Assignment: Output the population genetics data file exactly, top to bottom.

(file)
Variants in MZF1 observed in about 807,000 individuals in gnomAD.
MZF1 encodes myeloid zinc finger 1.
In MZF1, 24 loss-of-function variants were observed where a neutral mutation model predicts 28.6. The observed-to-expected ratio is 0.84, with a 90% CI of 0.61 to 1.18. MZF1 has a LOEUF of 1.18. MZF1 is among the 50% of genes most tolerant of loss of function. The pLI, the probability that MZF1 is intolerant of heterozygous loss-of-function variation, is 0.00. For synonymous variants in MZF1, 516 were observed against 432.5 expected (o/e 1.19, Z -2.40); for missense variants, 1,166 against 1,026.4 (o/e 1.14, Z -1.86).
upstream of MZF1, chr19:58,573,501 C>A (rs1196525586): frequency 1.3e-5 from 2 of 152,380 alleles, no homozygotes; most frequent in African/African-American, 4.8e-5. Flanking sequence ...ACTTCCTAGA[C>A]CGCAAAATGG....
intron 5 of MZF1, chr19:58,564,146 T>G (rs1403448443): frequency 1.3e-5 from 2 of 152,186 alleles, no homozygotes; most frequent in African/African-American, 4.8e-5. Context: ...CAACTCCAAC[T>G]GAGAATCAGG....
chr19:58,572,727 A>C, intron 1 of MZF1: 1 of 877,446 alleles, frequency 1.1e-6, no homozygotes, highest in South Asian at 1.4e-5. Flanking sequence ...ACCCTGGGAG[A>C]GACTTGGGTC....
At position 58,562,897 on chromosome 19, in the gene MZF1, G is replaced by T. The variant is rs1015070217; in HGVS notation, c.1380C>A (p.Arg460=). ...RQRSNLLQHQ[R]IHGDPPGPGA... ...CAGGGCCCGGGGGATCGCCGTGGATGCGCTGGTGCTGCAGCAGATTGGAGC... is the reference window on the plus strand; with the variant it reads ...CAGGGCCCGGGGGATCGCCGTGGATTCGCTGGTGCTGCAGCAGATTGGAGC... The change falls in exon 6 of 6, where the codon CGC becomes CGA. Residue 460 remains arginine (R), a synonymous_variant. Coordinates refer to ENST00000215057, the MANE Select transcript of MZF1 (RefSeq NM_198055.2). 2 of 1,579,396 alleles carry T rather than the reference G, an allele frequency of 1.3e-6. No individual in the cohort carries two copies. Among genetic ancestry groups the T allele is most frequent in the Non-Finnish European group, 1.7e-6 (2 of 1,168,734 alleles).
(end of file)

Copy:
Variants in MZF1 observed in about 807,000 individuals in gnomAD.
MZF1 encodes myeloid zinc finger 1.
In MZF1, 24 loss-of-function variants were observed where a neutral mutation model predicts 28.6. The observed-to-expected ratio is 0.84, with a 90% CI of 0.61 to 1.18. MZF1 has a LOEUF of 1.18. MZF1 is among the 50% of genes most tolerant of loss of function. The pLI, the probability that MZF1 is intolerant of heterozygous loss-of-function variation, is 0.00. For synonymous variants in MZF1, 516 were observed against 432.5 expected (o/e 1.19, Z -2.40); for missense variants, 1,166 against 1,026.4 (o/e 1.14, Z -1.86).
upstream of MZF1, chr19:58,573,501 C>A (rs1196525586): frequency 1.3e-5 from 2 of 152,380 alleles, no homozygotes; most frequent in African/African-American, 4.8e-5. Flanking sequence ...ACTTCCTAGA[C>A]CGCAAAATGG....
intron 5 of MZF1, chr19:58,564,146 T>G (rs1403448443): frequency 1.3e-5 from 2 of 152,186 alleles, no homozygotes; most frequent in African/African-American, 4.8e-5. Context: ...CAACTCCAAC[T>G]GAGAATCAGG....
chr19:58,572,727 A>C, intron 1 of MZF1: 1 of 877,446 alleles, frequency 1.1e-6, no homozygotes, highest in South Asian at 1.4e-5. Flanking sequence ...ACCCTGGGAG[A>C]GACTTGGGTC....
At position 58,562,897 on chromosome 19, in the gene MZF1, G is replaced by T. The variant is rs1015070217; in HGVS notation, c.1380C>A (p.Arg460=). ...RQRSNLLQHQ[R]IHGDPPGPGA... ...CAGGGCCCGGGGGATCGCCGTGGATGCGCTGGTGCTGCAGCAGATTGGAGC... is the reference window on the plus strand; with the variant it reads ...CAGGGCCCGGGGGATCGCCGTGGATTCGCTGGTGCTGCAGCAGATTGGAGC... The change falls in exon 6 of 6, where the codon CGC becomes CGA. Residue 460 remains arginine (R), a synonymous_variant. Coordinates refer to ENST00000215057, the MANE Select transcript of MZF1 (RefSeq NM_198055.2). 2 of 1,579,396 alleles carry T rather than the reference G, an allele frequency of 1.3e-6. No individual in the cohort carries two copies. Among genetic ancestry groups the T allele is most frequent in the Non-Finnish European group, 1.7e-6 (2 of 1,168,734 alleles).